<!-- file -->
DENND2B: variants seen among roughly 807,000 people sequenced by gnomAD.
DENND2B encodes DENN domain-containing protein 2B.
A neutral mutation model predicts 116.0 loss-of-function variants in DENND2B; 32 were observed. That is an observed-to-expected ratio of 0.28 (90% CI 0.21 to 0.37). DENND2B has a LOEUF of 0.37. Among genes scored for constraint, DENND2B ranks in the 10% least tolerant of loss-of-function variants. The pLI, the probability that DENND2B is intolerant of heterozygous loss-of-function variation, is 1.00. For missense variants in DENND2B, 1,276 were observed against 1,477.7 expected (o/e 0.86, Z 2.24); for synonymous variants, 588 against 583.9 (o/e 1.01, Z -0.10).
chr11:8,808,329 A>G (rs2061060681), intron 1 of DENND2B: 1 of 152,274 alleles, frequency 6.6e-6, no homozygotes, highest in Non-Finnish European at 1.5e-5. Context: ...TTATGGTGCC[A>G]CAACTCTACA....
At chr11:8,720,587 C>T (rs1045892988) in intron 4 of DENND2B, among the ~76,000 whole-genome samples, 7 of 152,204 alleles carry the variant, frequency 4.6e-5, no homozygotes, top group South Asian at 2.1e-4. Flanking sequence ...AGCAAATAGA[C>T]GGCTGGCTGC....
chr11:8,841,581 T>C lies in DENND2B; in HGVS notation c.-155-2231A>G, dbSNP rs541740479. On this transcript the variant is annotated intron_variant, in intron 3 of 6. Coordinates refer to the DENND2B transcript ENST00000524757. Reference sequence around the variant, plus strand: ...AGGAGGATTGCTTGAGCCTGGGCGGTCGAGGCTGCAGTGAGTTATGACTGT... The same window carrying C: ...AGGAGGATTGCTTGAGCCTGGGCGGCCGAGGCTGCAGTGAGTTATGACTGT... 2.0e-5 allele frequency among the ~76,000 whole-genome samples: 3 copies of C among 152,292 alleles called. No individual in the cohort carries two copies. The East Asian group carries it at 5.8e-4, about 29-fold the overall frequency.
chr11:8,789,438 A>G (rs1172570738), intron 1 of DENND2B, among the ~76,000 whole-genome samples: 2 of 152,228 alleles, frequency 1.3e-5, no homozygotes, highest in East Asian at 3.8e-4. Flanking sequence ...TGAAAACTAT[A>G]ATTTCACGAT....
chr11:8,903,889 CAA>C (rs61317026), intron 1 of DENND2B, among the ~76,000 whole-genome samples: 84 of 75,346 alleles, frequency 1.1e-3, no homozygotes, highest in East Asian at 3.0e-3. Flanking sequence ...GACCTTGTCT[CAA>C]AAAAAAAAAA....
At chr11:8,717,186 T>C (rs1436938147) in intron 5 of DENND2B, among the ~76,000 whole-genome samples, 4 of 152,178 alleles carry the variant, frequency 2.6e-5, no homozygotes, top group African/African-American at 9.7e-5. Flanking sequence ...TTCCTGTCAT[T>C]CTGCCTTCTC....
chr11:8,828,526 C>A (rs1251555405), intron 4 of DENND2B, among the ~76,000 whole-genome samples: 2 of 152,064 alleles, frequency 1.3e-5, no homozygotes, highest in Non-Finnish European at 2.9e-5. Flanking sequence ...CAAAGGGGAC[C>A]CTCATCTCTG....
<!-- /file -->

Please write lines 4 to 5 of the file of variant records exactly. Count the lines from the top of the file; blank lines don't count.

chr11:8,808,329 A>G (rs2061060681), intron 1 of DENND2B: 1 of 152,274 alleles, frequency 6.6e-6, no homozygotes, highest in Non-Finnish European at 1.5e-5. Context: ...TTATGGTGCC[A>G]CAACTCTACA....
At chr11:8,720,587 C>T (rs1045892988) in intron 4 of DENND2B, among the ~76,000 whole-genome samples, 7 of 152,204 alleles carry the variant, frequency 4.6e-5, no homozygotes, top group South Asian at 2.1e-4. Flanking sequence ...AGCAAATAGA[C>T]GGCTGGCTGC....